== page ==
General issues of computer use, such as system organization and methodology, or artificial intelligence, are certainly in computer science. Topics in computer algebra or symbolic calculation are treated separately.
Issues concerning limitations of specific hardware or software are not strictly speaking part of mathematics at all but often illustrate some of the issues addressed in numerical analysis. Some of these can be seen in examples seen below.
Applications of numerical analysis occur throughout the fields of applied (numerical) mathematics, in particular in the fields of physics (sections 70-86). Many of these areas including subheading e.g. for finite element methods (which are primarily treated here in 65L - 65P).
There are also applications to areas typically considered part of pure mathematics; for example, there is substantial work done on the roots of 26C:Polynomials and rational functions.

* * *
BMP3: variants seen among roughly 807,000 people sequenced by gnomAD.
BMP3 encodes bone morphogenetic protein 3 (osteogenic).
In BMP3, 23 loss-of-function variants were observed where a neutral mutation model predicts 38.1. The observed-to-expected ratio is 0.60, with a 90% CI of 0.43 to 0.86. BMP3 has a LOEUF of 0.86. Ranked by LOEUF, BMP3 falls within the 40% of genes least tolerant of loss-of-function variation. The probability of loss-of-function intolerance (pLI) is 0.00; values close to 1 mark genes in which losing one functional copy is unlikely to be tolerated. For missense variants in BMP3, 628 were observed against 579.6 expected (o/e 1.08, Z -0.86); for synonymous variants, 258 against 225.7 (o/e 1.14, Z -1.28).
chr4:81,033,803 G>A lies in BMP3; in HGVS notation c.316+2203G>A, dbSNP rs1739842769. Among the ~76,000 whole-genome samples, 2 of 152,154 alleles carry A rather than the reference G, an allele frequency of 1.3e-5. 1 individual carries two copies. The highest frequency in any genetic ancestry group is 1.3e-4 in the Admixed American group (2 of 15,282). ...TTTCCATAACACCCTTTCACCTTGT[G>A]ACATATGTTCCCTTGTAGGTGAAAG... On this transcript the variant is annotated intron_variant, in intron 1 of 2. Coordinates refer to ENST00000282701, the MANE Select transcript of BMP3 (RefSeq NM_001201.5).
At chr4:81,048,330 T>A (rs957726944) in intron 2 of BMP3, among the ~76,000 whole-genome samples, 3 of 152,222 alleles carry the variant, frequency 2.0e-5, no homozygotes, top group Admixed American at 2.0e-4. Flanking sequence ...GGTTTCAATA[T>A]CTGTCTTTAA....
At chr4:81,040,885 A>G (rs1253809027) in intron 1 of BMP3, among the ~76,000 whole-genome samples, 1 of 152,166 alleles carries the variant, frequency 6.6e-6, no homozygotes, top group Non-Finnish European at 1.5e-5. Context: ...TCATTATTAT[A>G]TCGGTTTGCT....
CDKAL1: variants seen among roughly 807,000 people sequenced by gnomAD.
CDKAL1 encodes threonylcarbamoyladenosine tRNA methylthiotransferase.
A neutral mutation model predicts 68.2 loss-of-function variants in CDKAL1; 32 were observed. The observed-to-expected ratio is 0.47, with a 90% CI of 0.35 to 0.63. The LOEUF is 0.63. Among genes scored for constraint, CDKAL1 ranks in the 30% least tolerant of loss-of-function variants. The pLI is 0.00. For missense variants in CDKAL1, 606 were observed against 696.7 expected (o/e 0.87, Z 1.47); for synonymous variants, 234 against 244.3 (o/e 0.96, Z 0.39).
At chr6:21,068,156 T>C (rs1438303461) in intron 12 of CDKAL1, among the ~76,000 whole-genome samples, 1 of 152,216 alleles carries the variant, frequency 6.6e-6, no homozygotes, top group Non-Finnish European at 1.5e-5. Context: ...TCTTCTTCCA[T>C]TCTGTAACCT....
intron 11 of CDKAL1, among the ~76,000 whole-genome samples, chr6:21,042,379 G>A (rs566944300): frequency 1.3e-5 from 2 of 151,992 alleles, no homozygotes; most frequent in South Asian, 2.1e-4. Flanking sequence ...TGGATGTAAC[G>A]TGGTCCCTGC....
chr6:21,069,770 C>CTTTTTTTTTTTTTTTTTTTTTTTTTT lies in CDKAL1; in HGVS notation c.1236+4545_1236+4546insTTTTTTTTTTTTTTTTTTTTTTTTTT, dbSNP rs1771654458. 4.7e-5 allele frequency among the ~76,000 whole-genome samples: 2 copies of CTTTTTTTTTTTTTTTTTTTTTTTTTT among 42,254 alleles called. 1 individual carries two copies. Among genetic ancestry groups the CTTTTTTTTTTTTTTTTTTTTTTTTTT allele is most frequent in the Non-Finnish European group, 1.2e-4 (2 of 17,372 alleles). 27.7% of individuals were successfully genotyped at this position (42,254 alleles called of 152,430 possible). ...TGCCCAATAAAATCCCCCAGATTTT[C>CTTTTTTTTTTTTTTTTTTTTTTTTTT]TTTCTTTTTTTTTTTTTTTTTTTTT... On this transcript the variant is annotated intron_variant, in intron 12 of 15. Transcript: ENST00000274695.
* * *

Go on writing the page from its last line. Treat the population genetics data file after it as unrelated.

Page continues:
This area is undergirded by the areas of analysis. See for example Real analysis or Complex analysis for general topics of convergence.
The study of whole numbers and their properties (e.g. solving equations in integers) is not numerical analysis at all but Number Theory.
This image slightly hand-edited for clarity.
This is one of the largest areas of the Math Reviews database, with many of the subfields being also large. (65N30, Finite Element Methods, is among the largest of the 5-digit areas, too). This field has more subfields than almost any other!
Browse all (old) classifications for this area at the AMS.
"The state of the art in numerical analysis", Proceedings of the conference held at the University of York, York, April 1996. Edited by I. S. Duff and G. A. Watson. The Institute of Mathematics and its Applications Conference Series. New Series, 63. The Clarendon Press, Oxford University Press, New York, 1997. 562 pp. ISBN 0-19-850014-9 MR99a:65008 (There are also older proceedings with the same title.)
Shampine, L. F.: "What everyone solving differential equations numerically should know", Computational techniques for ordinary differential equations (Proc. Conf. Univ. Manchester, Dec. 18--20, 1978), pp. 1--17, Academic Press, London-New York-Toronto, Ont., 1980. 84e:65089